Get Excited If: You're going to get that bandana just so you can wear it, tap it and say “Infinite ammo.”


Armored Trooper Votoms is often overshadowed by Mobile Suit Gundam in the history of realistic robot anime, but credit must be given. Gundam pushed the industry toward more down-to-earth depictions of giant mecha, but Votoms really solidified the idea. If it's now a bit on the boring side, Votoms has at least aged better than the older relics of Gundam, and it's hard to deny that the Scopedog and other VOTOMS mecha have a stubby, grounded battlefield charm that the Gundam franchise often lacks. Votoms just doesn't have nearly as many video games, and what games it has are often dull.

To its credit, Votoms: The Battling Road never makes its robots into anything they weren't in the anime series. After all, the mecha here are serious little walking tanks that don't fly or transform or crush enemy robots' heads with their burning hands. The game even has the bleak, cramped look typical of Votoms' war-weary future. Using a rotating battlefield similar to those scene in Mario Kart or F-Zero, The Battling Road has various mecha scooting and firing around a play area that's viewed on half of the screen, with a large cockpit display eating up the rest of the player's view.

The game's clipped little story leads through various sights from the Votoms anime, rarely exploring anything properly. But no one was really here to re-live the show or see new space-opera venues unfold. Votoms fans just wanted to ride in a Scopedog simulacrum and, in testament to the show's realistic grit, spend time tuning it up. And that's where The Battling Road hits its first snag: control is almost too faithful to the Votoms idea of a lumbering, ground-based mecha. The player's robot can boost across the ground, but turning is awkward and aiming is even harder. It's a frustrating affair to get through the game's first battle, which has you facing well-armed foes that can rotate and fire quickly.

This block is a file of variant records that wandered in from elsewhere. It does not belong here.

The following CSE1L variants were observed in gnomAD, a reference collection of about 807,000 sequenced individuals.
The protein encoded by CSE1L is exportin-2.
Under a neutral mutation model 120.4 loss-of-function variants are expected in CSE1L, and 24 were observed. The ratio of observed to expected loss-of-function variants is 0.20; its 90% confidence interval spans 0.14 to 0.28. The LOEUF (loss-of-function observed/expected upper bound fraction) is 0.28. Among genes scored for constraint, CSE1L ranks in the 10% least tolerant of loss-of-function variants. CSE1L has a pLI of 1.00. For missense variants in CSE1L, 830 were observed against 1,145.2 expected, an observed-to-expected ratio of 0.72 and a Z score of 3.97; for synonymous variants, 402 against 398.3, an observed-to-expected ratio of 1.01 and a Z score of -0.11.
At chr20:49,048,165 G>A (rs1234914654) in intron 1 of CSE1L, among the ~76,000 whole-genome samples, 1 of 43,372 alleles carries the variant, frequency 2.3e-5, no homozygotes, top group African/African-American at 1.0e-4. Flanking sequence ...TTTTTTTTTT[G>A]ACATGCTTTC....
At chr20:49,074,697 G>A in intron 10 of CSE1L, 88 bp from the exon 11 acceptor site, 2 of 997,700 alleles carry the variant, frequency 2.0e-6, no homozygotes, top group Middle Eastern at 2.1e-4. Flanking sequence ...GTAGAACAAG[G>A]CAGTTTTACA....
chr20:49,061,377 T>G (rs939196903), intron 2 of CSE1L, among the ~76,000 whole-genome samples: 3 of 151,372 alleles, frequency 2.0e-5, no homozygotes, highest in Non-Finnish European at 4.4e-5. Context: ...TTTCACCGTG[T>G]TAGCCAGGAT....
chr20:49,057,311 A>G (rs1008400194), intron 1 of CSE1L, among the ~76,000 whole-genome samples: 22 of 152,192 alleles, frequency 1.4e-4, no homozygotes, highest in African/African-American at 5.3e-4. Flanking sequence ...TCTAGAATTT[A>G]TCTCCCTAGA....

When not throwing the player into deathmatches, The Battling Road offers more focused runs through enemy blockades. These are slightly more cohesive: players press ever forward, dodging or shooting down oncoming foes until a boss shows up and another truncated cutscene pops up. Then it's off to upgrade your mecha with a menu system that's rarely more complicated than equipping a Dragon Warrior character. Compared to the extensive options in, say, the original Front Mission, The Battling Road is just plain empty.

The game may look crowded and small, but at least there's a reason for that: two-player battles. For something from the Super NES age, The Battling Road has a decent spread of versus modes and various stages. The control's still awkward, and the graphics are squished (and the music is utterly generic), but it's always better to share a mediocre game than to slog through it alone.

Armored Trooper Votoms moved on to other games, including a PlayStation 2 shooter and a few guest appearances in Sunrise's Brave Saga titles. The Battling Road is barely worth mention, and even Votoms fans will have more fun with the Front Mission games, Cybernator, or Metal Warriors. They won't get the tubby soldier-bots of Votoms in those offerings, but they'll get everything a good mecha game should have.

For those who must have a full collection of Votoms merchandise or Super Famicom games, nice and complete copies of Armored Trooper Votoms: The Battling Road can be had for under ten bucks online.